Pay For A Date, an “upcoming online dating platform” based in the UK, is, according to its Twitter bio, “dedicated to the joy of dating where quality, not quantity, is the measure of our dating success.”
Stuart Elliott, who used to be the New York Times’s advertising columnist, now writes about ads for Media Village. Here’s his take on the commercials that aired during Super Bowl 50. (“Though it's the biggest feel-good day of the year, Madison Avenue tried hard to bring viewers down – not only with those commercials, but also with spots with strange, off-putting and downright weird characters and premises.”
Feeling romantically challenged this Valentine’s Day? Maybe it’s time to join – or reactivate – that dating-site membership. But before you upload your gently embellished personal details, make sure the service’s name is the perfect match for you. Herewith, my analysis of 10 dating-site names, from dated to dateworthy.
There are three unrelated businesses called What the Truck, a Flight of the Conchords fan site called What the Folk, two radio shows called WTF, a typeface-identification website called What the Font, and a book about women’s health called – I kid you not – What the Yuck?
The ABC Family network, stigmatized by that F-word in its name, now calls itself Freeform. Network president Tom Ascheim told the Television Critics Association that the new name “not only elicits the moment of transition in the medium and a sense of ‘creativity’ and ‘spontaneity’ but also evokes [a] younger 14 to 34-year-old audience, whom he’s dubbed ‘becomers’.” So much to ponder in that single sentence. (Hollywood Reporter)
As for the Freeform logo, Brand New dismisses it as “atrocious in either its stacked or horizontal form.”
In the spring of 1955, the first Totsuko transistor radio, the size of a large pack of cigarettes, rolled off the production line in Tagajo, Miyagi Prefecture, Japan. It never went on sale – its grille bent and peeled off in hot weather – but it was promising enough that the Bulova Watch Company, in New York, placed an order for 100,000 of them. Bulova wanted to rebrand the radios with its own corporate name, but Akio Morita, the owner of the company that made the radio, refused. Professional pride was one reason. But another, writes Simon Winchester in Pacific* (2015), was that “just a few days prior to receiving the order, he and his colleagues had decided to rename their company, to call it Sony.”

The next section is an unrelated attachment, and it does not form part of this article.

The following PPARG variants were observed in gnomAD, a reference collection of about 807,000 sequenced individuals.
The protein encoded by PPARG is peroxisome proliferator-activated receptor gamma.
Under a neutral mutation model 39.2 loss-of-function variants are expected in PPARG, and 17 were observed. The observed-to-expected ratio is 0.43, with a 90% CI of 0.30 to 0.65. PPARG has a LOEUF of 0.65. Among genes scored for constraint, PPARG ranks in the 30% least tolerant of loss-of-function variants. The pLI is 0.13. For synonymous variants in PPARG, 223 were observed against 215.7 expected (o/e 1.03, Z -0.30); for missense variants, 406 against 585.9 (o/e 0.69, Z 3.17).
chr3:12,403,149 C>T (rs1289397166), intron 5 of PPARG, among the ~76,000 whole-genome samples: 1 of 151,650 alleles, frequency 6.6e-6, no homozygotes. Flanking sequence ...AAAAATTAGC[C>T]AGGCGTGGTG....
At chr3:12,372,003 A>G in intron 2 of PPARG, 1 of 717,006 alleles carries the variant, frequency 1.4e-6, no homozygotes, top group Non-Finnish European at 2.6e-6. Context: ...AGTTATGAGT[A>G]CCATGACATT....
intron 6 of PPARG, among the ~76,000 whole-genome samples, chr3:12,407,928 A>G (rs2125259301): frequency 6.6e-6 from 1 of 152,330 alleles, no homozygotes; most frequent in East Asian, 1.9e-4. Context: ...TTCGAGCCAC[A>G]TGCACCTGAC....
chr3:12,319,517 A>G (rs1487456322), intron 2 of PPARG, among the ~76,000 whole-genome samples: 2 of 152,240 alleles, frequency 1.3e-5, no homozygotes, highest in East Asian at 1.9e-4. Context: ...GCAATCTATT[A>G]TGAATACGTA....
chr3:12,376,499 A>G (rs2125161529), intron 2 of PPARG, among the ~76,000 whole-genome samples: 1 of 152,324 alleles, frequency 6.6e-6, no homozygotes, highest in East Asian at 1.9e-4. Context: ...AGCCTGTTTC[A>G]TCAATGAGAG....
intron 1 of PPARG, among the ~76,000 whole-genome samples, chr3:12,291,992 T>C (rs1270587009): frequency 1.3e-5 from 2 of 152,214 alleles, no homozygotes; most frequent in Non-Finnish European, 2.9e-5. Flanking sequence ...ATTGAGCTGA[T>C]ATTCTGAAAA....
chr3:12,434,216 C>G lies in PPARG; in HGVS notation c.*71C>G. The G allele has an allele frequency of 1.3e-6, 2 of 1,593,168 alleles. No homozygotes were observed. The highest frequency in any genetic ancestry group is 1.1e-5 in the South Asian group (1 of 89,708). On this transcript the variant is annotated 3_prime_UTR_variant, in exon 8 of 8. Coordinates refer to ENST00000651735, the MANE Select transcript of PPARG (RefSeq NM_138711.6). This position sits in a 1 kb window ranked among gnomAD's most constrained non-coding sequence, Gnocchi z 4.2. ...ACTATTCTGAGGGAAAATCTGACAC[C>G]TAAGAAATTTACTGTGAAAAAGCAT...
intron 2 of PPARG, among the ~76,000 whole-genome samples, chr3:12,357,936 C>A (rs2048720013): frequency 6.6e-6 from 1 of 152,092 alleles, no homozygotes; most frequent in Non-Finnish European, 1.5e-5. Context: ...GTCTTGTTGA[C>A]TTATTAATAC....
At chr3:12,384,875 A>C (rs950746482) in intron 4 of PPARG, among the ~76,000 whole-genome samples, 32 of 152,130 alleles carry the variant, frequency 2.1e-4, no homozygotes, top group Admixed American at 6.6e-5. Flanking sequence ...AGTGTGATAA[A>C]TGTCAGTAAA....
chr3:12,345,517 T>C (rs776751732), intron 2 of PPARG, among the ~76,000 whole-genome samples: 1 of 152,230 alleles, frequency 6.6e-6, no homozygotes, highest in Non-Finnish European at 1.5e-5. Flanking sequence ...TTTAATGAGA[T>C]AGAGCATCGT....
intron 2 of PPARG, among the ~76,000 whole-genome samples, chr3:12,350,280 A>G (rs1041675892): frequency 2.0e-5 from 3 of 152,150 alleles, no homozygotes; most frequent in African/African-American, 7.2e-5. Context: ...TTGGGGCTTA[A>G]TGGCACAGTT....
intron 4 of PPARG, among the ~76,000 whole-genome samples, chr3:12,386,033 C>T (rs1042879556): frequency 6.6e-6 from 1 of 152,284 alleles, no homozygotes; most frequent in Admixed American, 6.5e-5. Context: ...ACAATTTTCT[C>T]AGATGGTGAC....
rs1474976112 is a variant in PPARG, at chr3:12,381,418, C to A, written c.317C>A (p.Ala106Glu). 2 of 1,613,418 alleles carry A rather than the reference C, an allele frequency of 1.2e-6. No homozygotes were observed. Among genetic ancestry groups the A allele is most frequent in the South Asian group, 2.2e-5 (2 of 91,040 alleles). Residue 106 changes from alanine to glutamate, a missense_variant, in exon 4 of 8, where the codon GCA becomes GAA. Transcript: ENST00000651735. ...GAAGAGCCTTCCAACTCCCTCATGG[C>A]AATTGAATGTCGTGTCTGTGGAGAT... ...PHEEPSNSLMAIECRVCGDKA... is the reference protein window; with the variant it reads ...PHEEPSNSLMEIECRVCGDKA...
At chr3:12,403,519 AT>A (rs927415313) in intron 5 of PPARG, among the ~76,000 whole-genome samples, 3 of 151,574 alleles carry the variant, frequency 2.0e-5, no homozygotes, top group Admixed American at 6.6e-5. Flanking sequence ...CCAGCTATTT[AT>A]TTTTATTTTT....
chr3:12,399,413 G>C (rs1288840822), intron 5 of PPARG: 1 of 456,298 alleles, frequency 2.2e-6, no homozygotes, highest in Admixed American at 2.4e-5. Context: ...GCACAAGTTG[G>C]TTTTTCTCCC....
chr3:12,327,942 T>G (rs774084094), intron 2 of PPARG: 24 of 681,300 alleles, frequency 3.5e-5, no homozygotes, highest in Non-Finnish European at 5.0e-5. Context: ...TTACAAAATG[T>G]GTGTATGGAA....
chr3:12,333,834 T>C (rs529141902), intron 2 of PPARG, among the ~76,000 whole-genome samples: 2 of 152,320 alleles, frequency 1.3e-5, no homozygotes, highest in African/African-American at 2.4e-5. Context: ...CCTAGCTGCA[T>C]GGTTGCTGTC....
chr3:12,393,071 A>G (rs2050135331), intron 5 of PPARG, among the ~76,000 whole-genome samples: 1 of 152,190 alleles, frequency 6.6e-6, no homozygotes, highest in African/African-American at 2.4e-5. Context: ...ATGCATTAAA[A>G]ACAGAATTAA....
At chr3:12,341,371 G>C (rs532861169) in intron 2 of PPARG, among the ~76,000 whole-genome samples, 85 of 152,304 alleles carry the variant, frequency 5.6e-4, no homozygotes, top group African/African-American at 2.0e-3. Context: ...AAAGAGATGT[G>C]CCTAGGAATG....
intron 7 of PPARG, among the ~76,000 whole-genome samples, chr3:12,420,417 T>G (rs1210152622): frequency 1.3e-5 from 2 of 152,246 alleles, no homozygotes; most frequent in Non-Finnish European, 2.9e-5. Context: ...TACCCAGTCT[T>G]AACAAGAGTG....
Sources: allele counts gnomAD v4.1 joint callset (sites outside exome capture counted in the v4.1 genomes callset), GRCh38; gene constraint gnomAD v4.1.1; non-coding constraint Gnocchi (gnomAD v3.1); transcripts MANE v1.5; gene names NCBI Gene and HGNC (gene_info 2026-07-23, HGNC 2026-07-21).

On the evening of Saturday, January 2, a group of armed protestors commandeered the Malheur National Wildlife Refuge, a federal preserve near Malheur Lake, about 30 miles south of Burns, in eastern Oregon. The group, which includes Ryan and Ammon Bundy, sons of Nevada rancher Cliven Bundy – who had his own clash with the federal Bureau of Land Management in 2014 – is protesting the arrest and imprisonment of two Oregon cattle ranchers convicted of arson on federal land. (The convicted ranchers, father and son Steven and Dwight Hammond, have disclaimed any connection to the armed group, and have begun serving their sentences.) As of today, January 6, the standoff continues, with the protestors vowing to occupy the building “for as long as it takes.” (Or until the local community asks them to leave. Or until their food runs out: Ammon Bundy made a Facebook appeal for “supplies or snacks” – to be sent via U.S. Postal Service, that tool of the archenemy. PETA responded by hand-delivering vegan jerky.) The refuge, which is an important habitat for some 320 species of birds, remains closed to the public until further notice.
For more about the motives and legality of the protest, follow the links at the end of this post. In the meantime, let’s take a look at the story from my preferred angle: naming.
Corinthian Colleges. The bankruptcy filing of Corinthian Colleges, in April, marked the largest shutdown of a for-profit college in U.S. history, and it called into question the practices of for-profit higher education generally. Sixteen thousand students were “displaced,” as official reports put it. (One hundred of the students petitioned the federal government to forgive their student debt.) Corinthian — an adjective meaning “of Corinth,” a city of fabled wealth in ancient Greece – has had many figurative meanings in English since the 16th century, including “elegantly or elaborately ornate” and, as a noun, “a luxury-loving person.” Corinthian columns are heavily decorated with acanthus leaves; in Christianity, Corinthians is the name of two chapters of the New Testament. (And currants derive their name from “raisins of Corinth.”) Corinthian leather was coined in 1974 by a copywriter at the advertising agency responsible for marketing Chrysler luxury vehicles; most of the leather came from a factory in much more prosaic Newark, New Jersey.